ORGANISATIONS in Dursley have reacted with sadness that Lister Petter is to move out of the town after almost 150 years but relief that it will stay close by.

The engineering company, which has at its height employed around 5,000 people in the area, is moving its 200-strong workforce to a new purpose-built site in Hardwicke, near Quedgeley.

The firm had announced in May 2010 it was considering moving outside the district to Tewkesbury because the current factory on Long Street is in a state of disrepair and is uneconomical to use.

Staff had originally hoped a new building could be built on the Littlecombe site but only a shell of a building was offered and deemed too expensive by the company to fit out.

The Vale Community Hospital was eventually built adjacent to the proposed building, making it an unsuitable location.

Chris Cherry of Vale Vision, a community-led enterprise aimed at improving the quality of life for Dursley residents, said it was a positive move overall for Dursley.

"I feel a little bit of disappointment that we are losing the jobs in Dursley but the new site seems to be within commuting distance," he said.

"It makes the rest of the St Modwen development at the Littlecombe site a little bit easier, makes it possible to make progress at the site.

"Some people do like to live on the doorstep, the commute is not always ideal. It may be just a few miles but can cause problems."

Gerry Pierce of Dursley Heritage said the company had been pivotal to the growth of the area.

“They built the Lister Hall and they bought the recreation ground after the war to become the Dursley War Memorial Recreation Ground. They also built houses in the town so they could house key workers,” he said.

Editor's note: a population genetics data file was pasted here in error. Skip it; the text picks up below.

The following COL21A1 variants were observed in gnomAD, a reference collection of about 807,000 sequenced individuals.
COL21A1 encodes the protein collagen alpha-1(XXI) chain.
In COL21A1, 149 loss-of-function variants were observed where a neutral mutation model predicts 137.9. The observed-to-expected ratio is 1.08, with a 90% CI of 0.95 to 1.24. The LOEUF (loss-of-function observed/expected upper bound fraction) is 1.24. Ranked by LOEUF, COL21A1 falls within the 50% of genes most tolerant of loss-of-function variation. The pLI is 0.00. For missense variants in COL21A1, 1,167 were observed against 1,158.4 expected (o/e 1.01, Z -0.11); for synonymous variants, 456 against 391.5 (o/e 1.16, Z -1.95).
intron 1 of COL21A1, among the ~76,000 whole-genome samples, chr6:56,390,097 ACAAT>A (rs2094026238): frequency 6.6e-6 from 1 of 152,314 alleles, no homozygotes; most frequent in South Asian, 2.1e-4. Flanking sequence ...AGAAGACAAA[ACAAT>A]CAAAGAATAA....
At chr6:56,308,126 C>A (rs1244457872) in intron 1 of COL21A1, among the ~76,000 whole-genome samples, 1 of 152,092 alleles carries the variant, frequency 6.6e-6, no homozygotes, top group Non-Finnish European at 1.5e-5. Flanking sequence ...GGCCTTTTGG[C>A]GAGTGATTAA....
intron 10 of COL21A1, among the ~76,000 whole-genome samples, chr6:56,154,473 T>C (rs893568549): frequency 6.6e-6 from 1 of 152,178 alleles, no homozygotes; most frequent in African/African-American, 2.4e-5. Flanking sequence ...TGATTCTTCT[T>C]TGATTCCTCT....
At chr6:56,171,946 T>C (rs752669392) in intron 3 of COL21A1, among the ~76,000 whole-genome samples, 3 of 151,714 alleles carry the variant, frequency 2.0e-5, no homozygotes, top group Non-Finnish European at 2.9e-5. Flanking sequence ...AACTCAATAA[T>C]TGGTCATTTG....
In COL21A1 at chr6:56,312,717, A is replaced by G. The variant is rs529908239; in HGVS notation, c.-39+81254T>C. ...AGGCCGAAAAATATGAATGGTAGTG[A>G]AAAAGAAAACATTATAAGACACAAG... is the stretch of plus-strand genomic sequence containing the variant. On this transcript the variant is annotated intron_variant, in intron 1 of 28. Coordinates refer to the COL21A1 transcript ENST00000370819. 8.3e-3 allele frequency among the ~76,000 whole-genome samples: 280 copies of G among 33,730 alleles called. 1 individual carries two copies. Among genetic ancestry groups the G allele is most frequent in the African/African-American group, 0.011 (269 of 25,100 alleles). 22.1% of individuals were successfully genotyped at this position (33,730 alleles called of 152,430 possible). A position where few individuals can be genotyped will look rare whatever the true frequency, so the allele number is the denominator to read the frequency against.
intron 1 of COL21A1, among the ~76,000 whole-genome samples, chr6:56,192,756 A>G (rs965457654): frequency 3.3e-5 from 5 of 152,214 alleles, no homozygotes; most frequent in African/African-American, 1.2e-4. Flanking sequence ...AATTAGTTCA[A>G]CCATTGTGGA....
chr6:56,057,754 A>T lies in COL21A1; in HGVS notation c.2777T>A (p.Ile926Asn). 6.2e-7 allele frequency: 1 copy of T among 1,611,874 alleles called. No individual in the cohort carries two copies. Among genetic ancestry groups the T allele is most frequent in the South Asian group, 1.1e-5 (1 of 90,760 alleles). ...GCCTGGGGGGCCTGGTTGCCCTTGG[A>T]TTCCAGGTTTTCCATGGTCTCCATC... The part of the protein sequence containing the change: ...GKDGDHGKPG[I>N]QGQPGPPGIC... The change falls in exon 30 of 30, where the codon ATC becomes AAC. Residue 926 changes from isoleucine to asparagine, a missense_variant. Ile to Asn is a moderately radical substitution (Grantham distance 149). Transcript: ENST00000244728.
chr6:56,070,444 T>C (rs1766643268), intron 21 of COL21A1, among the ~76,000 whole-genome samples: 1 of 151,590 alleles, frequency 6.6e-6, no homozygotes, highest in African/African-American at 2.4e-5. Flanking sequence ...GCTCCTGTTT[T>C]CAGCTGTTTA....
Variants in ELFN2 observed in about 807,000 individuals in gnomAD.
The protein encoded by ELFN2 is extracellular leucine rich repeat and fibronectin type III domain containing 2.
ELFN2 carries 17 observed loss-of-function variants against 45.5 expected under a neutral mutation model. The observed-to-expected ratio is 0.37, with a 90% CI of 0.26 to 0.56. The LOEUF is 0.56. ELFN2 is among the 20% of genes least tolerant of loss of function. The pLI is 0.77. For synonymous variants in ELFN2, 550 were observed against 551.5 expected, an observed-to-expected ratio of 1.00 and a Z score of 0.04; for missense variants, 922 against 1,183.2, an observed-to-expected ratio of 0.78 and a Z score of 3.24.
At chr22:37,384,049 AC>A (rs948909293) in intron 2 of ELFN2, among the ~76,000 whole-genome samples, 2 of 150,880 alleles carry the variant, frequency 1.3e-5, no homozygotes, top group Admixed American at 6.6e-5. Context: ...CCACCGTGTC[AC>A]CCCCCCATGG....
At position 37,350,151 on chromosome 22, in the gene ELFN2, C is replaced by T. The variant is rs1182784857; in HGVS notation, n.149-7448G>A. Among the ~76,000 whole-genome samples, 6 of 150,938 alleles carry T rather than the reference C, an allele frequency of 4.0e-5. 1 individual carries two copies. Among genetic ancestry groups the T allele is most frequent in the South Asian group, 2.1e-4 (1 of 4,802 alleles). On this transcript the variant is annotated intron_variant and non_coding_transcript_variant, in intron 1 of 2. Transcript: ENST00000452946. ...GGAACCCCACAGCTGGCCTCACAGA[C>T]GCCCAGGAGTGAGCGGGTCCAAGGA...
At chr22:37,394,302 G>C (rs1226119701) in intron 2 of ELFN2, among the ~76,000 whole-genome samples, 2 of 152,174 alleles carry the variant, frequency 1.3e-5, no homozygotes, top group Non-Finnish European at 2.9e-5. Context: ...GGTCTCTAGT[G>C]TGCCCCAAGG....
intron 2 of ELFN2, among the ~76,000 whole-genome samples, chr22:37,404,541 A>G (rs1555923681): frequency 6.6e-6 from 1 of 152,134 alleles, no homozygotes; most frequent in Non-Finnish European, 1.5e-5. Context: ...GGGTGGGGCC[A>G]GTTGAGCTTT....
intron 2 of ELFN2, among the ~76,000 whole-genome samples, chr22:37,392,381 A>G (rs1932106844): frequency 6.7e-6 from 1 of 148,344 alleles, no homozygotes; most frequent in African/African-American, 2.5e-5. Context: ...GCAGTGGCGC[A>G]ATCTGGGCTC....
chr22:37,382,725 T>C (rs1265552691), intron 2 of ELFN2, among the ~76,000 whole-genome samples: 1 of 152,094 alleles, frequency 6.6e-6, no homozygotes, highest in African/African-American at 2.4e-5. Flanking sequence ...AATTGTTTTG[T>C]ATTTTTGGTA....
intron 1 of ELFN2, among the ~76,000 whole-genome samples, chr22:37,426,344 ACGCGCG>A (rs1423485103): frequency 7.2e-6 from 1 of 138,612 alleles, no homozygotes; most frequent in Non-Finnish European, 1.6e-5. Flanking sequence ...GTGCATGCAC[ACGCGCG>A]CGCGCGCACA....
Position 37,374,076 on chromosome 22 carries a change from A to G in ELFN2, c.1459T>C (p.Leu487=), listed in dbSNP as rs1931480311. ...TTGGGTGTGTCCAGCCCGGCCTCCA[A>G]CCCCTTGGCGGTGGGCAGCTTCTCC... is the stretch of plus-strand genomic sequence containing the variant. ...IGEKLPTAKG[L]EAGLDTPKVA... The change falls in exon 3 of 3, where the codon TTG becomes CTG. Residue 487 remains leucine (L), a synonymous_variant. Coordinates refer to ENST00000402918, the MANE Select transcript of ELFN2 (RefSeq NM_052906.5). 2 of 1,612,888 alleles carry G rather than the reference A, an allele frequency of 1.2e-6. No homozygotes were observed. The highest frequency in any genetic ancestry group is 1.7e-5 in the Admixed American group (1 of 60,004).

“There is a feeling of sadness because of its long history in the town and it has brought in so many people outside of the town as apprenticeships and workers.”

A planning application for the new site has been submitted by developer St Modwen and the new 40,000 sq ft facility is planned to be completed in the spring of 2014 and will include production, warehouse and office accommodation.

Cllr Geoff Wheeler, leader of Stroud District Council, said maintaining and strengthening the local economy was one of their main priorities.

"Keeping Lister Petter in the district will retain 200 skilled jobs in the area, benefiting the business, its employees and the district," he said.

"At the same time it would represent a major step forward in development of the plans for the 92-acre Littlecombe site. We hope to be signing an agreement with the company very shortly."

The company is committing £2million to the project and managing director Patrick Comer said the plans to move the company had been going on for some time.

"We are pleased that we are keeping our people in this area, keeping the skills and the expertise from the local people who work for this company," he said.

"We have worked through this whole thing with the unions and we are pleased to be moving somewhere in the locality and protect the jobs."

Dursley Town Council clerk Helen Bojaniwska said they were pleased to learn that the business would be staying in the district.

"But we are obviously saddened that the business’s long history in the town will be coming to an end," she said.

"It is disappointing that the company’s expansion plans could not be accommodated in the town, but we are hopeful that additional jobs can now be created on the Littlecombe site. "The council will work with the district council to encourage new businesses to fill the space."